I have found a new platform where I can write my thoughts about the books that I've read.
It's also a great place to find new books to be read. So here I am.
September 29- October 11
When a beautiful, aspiring writer strides into the East Village bookstore where Joe Goldberg works, he does what anyone would do: he Googles the name on her credit card. There is only one Guinevere Beck in New York City. She has a public Facebook account and Tweets incessantly, telling Joe everything he needs to know: she is simply Beck to her friends, she went to Brown University, she lives on Bank Street, and she’ll be at a bar in Brooklyn tonight—the perfect place for a “chance” meeting. As Joe invisibly and obsessively takes control of Beck’s life, he orchestrates a series of events to ensure Beck finds herself in his waiting arms. Moving from stalker to boyfriend, Joe transforms himself into Beck’s perfect man, all while quietly removing the obstacles that stand in their way—even if it means murder. This book was all kinds of fucked up but I really enjoyed it .
Review :This book is about Joe who becomes obsessed with a girl who came into the bookstore he works at he ends up stalking her and ends up taking the guy she's fucking hostage and eventually kills him . Beck and Joe are both terrible people Beck is very fake and her friend peach is totally obsessed with her . Joe and Beck end up dating and what I think is more creepy about this book it's not saying Beck it says YOU . Joe realizes peach is in his way and tries to kill her also and eventually does . Beck pulls away from Joe and Joe ends up seeing someone else but he's still obsessed with Beck but they end up getting back together but she finds out about everything all the creepy stuff of her's he was storing and he keeps her hostage in the bookstore in the basement and he ends up killing her this book was so fucked up .
Quotes : The problem with books is that they end. They seduce you. They spread their legs to you and pull you inside. And you go deep and leave your possessions and your ties to the world at the door and you like it inside and you don't want for your possessions or your ties and then, the book evaporates.”
Paint-by-number meets the traditional coloring book in this brand new format that showcases pixelated images of cool and quirky nostalgia objects. Doodlers, artists, and puzzlers alike will enjoy this new take on coloring. With a focus on old favorites, pictures of things like cassette tapes, a rotary phone, and roller skates have been pixelated and rendered as numbered grids. To fill them in, users have options to vary the colors, just vary the shading, or even use different shapes or lines. Color Squared can relieve stress or challenge the mind, depending on the approach the reader chooses--but either way, it will keep the head and hands busy, and make for a fun trip down memory lane.
Wow, this is really time consuming, but it does completely take your mind off of everything else. Think paint by numbers, but not wit h paint and offers the user a chance to be more creative. It is like numbered grid paper and you choose what to fill each with whatever you want. This kind of made me a bit crazy because I have a terrible time with choices and will not decide until I have thoroughly thought about every possible option. I sat there with an unused page in front of me for like four hours... Lmao.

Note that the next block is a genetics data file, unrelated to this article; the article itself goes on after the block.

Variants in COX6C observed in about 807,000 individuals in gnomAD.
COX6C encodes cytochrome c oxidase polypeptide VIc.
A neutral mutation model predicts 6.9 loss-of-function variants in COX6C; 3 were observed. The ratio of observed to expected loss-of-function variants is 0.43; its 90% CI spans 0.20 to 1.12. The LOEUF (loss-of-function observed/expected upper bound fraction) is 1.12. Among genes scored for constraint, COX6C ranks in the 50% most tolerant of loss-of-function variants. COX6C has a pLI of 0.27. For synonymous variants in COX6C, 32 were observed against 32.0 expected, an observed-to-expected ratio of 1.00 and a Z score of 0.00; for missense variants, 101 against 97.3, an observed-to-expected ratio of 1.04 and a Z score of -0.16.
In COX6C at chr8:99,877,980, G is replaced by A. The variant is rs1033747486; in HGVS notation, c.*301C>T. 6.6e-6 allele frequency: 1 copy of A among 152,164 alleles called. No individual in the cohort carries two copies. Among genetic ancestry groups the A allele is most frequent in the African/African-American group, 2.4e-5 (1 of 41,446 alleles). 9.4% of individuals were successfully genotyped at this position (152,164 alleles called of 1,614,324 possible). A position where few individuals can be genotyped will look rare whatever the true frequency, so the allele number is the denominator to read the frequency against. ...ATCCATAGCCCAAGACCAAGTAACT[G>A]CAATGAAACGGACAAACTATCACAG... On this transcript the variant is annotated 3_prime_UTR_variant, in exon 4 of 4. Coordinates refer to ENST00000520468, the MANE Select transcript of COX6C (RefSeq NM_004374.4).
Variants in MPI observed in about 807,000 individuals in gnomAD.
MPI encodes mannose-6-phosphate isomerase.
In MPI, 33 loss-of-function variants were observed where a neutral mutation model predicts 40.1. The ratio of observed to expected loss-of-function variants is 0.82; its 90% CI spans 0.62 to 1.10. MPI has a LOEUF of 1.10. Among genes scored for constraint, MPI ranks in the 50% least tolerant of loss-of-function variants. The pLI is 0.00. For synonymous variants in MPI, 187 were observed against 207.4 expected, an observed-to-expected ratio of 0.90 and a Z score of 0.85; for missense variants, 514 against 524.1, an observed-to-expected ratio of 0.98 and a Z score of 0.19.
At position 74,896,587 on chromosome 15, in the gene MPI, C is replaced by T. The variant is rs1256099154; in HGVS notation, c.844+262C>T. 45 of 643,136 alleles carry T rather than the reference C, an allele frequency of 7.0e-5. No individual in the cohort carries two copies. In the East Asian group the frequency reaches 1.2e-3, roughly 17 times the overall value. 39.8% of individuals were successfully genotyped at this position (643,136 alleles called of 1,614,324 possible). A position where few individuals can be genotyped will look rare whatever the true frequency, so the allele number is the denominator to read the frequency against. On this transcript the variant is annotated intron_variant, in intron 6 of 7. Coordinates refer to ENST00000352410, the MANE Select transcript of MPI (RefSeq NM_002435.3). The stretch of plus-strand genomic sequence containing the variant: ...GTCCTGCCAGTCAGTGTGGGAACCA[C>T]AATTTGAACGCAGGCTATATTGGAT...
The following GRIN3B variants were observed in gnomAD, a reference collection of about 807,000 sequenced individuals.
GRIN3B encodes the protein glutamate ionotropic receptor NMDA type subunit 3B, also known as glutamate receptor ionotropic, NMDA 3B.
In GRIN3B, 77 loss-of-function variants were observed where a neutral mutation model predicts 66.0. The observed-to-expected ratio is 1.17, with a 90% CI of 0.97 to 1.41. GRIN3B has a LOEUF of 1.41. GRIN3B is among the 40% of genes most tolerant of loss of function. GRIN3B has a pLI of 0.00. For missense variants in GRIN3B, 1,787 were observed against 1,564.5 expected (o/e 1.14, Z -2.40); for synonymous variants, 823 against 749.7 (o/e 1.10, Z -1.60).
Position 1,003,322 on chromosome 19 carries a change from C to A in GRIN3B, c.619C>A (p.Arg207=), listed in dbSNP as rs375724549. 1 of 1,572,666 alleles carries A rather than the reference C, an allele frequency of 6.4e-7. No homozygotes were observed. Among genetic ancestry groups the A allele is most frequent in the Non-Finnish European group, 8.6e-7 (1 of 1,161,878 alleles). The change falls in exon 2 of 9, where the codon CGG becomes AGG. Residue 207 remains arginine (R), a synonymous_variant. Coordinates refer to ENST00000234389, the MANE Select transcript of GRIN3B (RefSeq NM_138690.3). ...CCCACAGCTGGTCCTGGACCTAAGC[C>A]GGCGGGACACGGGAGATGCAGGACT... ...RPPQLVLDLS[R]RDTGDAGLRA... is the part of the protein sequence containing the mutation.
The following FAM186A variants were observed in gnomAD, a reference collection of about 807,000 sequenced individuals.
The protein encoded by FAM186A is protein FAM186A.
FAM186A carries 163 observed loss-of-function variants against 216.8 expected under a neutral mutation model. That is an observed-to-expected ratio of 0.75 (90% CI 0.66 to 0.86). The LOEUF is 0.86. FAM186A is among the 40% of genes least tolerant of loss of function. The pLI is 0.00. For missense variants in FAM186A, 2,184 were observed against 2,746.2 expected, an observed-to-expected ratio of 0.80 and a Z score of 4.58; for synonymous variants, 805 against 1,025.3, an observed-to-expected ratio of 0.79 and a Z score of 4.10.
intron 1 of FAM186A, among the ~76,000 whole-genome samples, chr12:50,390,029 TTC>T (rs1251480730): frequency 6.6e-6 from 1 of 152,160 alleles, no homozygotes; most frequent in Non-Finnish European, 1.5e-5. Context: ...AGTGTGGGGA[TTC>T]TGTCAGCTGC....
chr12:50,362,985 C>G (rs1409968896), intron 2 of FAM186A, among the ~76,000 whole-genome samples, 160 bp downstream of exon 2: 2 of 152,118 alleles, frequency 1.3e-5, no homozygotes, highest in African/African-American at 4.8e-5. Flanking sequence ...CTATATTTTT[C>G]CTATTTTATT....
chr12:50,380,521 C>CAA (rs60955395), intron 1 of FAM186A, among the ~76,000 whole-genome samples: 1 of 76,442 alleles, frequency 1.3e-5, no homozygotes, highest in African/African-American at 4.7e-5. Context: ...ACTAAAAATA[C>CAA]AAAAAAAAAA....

About the Author:
Lee Meredith calls herself a maker of things, doer of stuff; with a background in art and photography, a career in knitting pattern design, and a later-in-life education in graphic design, she has undertaken countless projects in the worlds of craft, art, and design. She brings her love of color, puzzles, and experimentation into her creative work, known for designing knitwear with unusual construction and often with game-like twists on the process of knitting itself, and thinking outside the norm in all pursuits.
Review copy provided by Blogging for Books.
By: Anna Snoekstra
Publication Date: 10/17/2017
My Rating: 3.5 Stars
Anna Snoekstra returns following her dark and edgy debut, Only Daughter, with her second psychological suspense thriller, LITTLE SECRETS — an arsonist, a cop, porcelain dolls, a stranger, dark secrets, mystery, and a journalist are all part of a dying town.
Rose Blakey is living in the small town of Colmstock, Australia. a small town. She is tired of the dead-end job at the Eamon’s Tavern Hotel and her dead-end life.
After the car factory shut down the town had quickly lost its sense of purpose. Small enough to have a strong community, but big enough that you could walk down the street without recognizing every person you passed.
Everything and everyone seemed broken and ugly. People were not friendly. Crime was up. People had meth habits. She wanted out. She is a journalist.
The local paper had closed with all the setbacks. She was still on a list for a larger national paper. It had been a wealthy town with its grand buildings. Now cracked and weathered.
The mines closed in the eighties. The newspaper closing, had been the worst for her.
A boy had died. Ben Riley. He had been only thirteen and was brain damaged. He acted like a kid instead of a teen but everyone liked him. His parents owned the local grocery store.
A fire at the courthouse. Bored teens or a psycho? Since the high school had been closed down, the crime was worse.
Then there was Senior Sergent Frank Ghirardello. He was hot for Rose since she started working there. His partner Bazza was a good looking buy. Frank could picture them double dating. Mia, Rose’s friend with Bazza and he with Rose.